t blend in and support the trombone section, then that will be a warning sign to the audition committee to steer clear of that player.  I have an anecdotal story about The Ride of Valkyries.  [Vocalizes the famous melody].  My own personal experience with that piece is that I had played it for every audition for every orchestra I’ve ever auditioned for, including the Israel Philharmonic, which didn’t start playing the piece until just a few years ago.  You just don’t play Wagner in Israel.  [Both laugh]  Because in my career I only stayed in one orchestra for a few years before I would move off to anotherUtah, then St. Louis, then LAI never actually got a chance to play the piece in the orchestra until I came to Chicago, which was fifteen years after I had started playing professionally.  Coincidentally, it was never scheduled with an orchestra when I happened to be employed by that orchestra, but, as I said, I had to play it for every audition for every orchestra.  [To see a comprehensive article Pokorny has written about auditioning, click HERE.]

BD:   You could say you were really ready for it!

Pokorny:   I was extremely ready for it.  I was so boggled about it that I brought eight dozen donuts to the first rehearsal.  It was such a big moment to actually play this piece after having been behind the screen with it so many times.  Finally I actually got a chance to play it through.  Then we recorded it with Barenboim two weeks later, and I brought a dozen donut holes.  [More laughter]

BD:   We’re talking about auditions.  I assume that many years ago, orchestras were just glad to get some guy who could get around the notes, and hope he played most of them correctly.  Has the playing of the tuba progressed to a point now where they want real expert professional musicians who can tackle all of these tricky parts?

Pokorny:   With every instrument the competition level is a lot higher, and there’s a lot more people who can perform at a higher level as the years progress.  We’ve always had those people in the past who have stuck out
like Arnold Jacobs.  When he got the job here, he stood out among everybody who was playing.  Even in those times, tuba players generally had to double on string bass to play in an orchestra.  That certainly was the case in Europe.

BD:   They would play the string bass regularly, but then when they needed the tuba, they would play that?

Pokorny:   Yes.  That was how the job was divided up not so long ago.  I spoke with Rudolf Levy, one of my predecessors in the Israel Philharmonic, and that was how the position was defined
some tuba and some string bass.  The tuba was almost kind of a sideline.  The current tuba players in music schools can play circles around those who played professionally not so many years ago.  At least the technique is very much advanced.  Are these musicians as fine as what was found professionally in the past?  Maybe.  I know that I would have to be a lot better than I would have been when I auditioned for the positions I won in the past.

BD:   Is this partly a tribute to Jake, and to you, and to the few others at the top of the profession?

Pokorny:   I’d say that all of us wouldn’t come to our level of playing if we weren’t standing on the shoulders of people who have gone before.  I certainly got a lot of help from my teachers, which included Roger Bobo of the LA Philharmonic, and Tommy Johnson, a Hollywood studio tuba player, who basically built me from the ground up.  He was the one who really told me and showed me what was right, and how to get my playing up to the proper level.  Arnold Jacobs must have been some type of freakish genius when he came on the scene.  He represented and popularized the type of playing that given to him by his teacher in Philadelphia, Philip Donatelli.  Jacobs stood on the shoulders of Donatelli, whose recordings with the Philadelphia Orchestra and Stokowski, demonstrated that representative sound that Jacobs took to so many other tuba players.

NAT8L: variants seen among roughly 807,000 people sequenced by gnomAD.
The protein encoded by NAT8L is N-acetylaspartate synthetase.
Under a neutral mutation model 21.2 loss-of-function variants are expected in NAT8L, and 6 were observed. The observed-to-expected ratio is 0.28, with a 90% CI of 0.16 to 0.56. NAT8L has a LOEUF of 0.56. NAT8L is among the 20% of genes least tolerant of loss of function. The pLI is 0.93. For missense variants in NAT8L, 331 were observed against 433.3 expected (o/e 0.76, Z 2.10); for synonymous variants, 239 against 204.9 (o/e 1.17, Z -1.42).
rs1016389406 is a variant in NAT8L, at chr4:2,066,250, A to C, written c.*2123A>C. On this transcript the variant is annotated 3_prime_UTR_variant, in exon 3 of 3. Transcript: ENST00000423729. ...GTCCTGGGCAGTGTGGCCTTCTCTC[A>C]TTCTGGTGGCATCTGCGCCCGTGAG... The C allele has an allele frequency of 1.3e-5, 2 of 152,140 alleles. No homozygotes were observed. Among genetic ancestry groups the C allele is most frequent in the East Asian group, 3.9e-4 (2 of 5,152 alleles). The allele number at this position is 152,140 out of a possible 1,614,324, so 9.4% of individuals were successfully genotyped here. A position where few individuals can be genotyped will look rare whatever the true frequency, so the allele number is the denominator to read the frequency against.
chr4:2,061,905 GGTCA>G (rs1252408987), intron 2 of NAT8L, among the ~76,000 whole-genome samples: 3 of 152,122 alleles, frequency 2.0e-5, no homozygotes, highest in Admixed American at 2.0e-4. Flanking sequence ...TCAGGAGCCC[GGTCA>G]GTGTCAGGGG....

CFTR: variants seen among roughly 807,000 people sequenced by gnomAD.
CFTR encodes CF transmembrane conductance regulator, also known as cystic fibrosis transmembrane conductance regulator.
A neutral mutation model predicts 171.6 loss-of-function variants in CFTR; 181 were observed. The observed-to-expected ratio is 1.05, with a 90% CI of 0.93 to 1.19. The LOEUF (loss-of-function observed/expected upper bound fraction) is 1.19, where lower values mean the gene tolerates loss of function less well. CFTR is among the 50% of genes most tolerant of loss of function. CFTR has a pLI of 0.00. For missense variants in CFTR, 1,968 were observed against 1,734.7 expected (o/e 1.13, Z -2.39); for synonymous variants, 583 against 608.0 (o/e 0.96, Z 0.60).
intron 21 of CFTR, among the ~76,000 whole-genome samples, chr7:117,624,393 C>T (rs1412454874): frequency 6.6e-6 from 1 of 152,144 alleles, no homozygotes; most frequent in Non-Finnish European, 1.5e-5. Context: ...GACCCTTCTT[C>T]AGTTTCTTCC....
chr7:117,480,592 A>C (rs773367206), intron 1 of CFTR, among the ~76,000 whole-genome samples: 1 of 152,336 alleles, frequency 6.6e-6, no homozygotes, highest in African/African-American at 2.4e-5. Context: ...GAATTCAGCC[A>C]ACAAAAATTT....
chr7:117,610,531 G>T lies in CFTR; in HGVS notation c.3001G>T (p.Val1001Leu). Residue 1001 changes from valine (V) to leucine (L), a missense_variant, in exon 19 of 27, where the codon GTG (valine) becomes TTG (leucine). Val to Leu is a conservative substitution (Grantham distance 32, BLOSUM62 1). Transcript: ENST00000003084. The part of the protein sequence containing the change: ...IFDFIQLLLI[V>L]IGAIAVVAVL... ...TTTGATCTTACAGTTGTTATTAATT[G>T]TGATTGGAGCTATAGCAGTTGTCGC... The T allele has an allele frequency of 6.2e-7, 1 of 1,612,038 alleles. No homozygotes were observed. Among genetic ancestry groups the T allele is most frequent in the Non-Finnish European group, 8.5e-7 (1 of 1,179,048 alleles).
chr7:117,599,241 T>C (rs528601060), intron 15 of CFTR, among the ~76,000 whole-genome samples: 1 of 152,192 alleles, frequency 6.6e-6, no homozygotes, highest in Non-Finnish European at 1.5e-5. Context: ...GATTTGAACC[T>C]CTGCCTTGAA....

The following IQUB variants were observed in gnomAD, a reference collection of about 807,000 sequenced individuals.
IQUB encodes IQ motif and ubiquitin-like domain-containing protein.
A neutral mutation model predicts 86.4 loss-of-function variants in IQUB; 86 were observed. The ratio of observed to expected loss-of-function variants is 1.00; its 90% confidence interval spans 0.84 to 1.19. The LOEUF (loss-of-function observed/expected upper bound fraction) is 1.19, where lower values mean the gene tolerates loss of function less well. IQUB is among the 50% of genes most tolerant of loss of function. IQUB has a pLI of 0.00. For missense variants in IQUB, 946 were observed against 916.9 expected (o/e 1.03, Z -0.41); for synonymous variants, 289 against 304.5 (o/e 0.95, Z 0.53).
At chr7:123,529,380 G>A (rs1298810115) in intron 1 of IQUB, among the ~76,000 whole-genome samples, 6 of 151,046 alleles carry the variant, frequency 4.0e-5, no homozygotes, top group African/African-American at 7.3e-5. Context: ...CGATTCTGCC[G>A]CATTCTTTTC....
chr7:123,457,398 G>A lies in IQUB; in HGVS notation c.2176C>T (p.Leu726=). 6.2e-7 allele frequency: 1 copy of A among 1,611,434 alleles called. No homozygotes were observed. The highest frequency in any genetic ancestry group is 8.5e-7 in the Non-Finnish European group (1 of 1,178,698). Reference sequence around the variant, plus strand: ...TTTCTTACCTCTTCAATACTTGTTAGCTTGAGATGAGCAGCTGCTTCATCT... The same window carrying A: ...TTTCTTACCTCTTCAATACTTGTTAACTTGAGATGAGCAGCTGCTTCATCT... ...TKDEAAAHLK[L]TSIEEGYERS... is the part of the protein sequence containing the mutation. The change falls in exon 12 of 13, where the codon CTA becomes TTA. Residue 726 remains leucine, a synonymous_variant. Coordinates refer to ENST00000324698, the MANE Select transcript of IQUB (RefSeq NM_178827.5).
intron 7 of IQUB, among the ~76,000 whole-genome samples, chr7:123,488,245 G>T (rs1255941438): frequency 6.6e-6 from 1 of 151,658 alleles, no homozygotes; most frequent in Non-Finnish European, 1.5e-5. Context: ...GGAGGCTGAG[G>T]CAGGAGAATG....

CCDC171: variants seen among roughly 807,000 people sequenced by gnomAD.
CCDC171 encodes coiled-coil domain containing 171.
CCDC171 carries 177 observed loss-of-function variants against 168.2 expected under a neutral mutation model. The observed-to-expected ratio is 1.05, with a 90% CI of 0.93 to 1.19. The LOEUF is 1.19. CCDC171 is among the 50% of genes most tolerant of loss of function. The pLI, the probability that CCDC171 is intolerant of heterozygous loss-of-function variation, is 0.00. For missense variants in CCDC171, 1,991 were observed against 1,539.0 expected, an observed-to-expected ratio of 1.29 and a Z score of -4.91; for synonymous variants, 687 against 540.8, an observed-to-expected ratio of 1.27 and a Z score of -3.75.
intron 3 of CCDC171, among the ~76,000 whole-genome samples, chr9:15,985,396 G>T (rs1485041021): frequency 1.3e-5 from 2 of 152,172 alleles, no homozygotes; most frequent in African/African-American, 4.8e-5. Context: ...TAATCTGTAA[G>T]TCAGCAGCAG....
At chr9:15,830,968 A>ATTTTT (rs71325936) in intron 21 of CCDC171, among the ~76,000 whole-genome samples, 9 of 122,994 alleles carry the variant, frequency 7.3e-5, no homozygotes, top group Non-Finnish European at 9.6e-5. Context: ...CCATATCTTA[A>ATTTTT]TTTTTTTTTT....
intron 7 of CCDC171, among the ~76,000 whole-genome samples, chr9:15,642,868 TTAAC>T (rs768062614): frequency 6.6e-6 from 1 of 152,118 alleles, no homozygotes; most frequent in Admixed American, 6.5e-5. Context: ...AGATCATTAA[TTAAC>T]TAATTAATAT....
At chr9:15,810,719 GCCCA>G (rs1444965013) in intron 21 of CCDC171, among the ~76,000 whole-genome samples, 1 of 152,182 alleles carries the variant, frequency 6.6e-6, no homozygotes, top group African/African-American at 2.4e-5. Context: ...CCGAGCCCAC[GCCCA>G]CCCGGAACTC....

BD:   Does Bill Bell come into this at all?

Pokorny:   When I first entered college in September of 1971, I felt guilty about having an hour off in the middle of the school day.  That never happened in high school, where you started at 8 AM, go to classes all morning, and then, after lunch, go to more classes, have band rehearsal, and then go home.  So here I was at 2:00 in the afternoon, and I had a few hours off.  So I went to the library
at University of Redlands, and figured I better do something.  Anything!  [Laughs]  So, I picked up The Instrumentalist magazine, and there I read an obituary about this fellow named William Bell.  I’d heard his name and seen his picture on some method books, but never appreciated what he was all about.  Then, after going to an international tuba symposium in 1973 at Indiana University, where Harvey Phillips taught, I got the whole lowdown on this guy.  Growing up in LA was very good, in that I had the best players around to emulate, namely Roger Bobo and Tommy Johnson.  I didn’t know anything existed on the East Coast, which in my frame of reference meant anything east of San Bernardino.  In California, the view of the world starts with Santa Monica and ends with San Bernardino.  It’s always 75 degrees, partly cloudy in the morning, and hazy sunshine in the afternoon.  That was it.  That was my life.  But back to Bill Bell.  He made the tuba into a musical instrument.  The recordings he made where he played and sang were tongue-in-cheek fun solos about the stereotypical tuba player, hippos, and the like.  He poked fun at us tuba players, but it made us more human in a way.  Of course, eventually we would all like to be taken somewhat more seriously, but we cannot ignore what is so obvious about us.  Bill Bell did a lot of good, and encouraged the first generation of ‘serious’ tubists (such as Phillips) to set us on a road of respect and progress.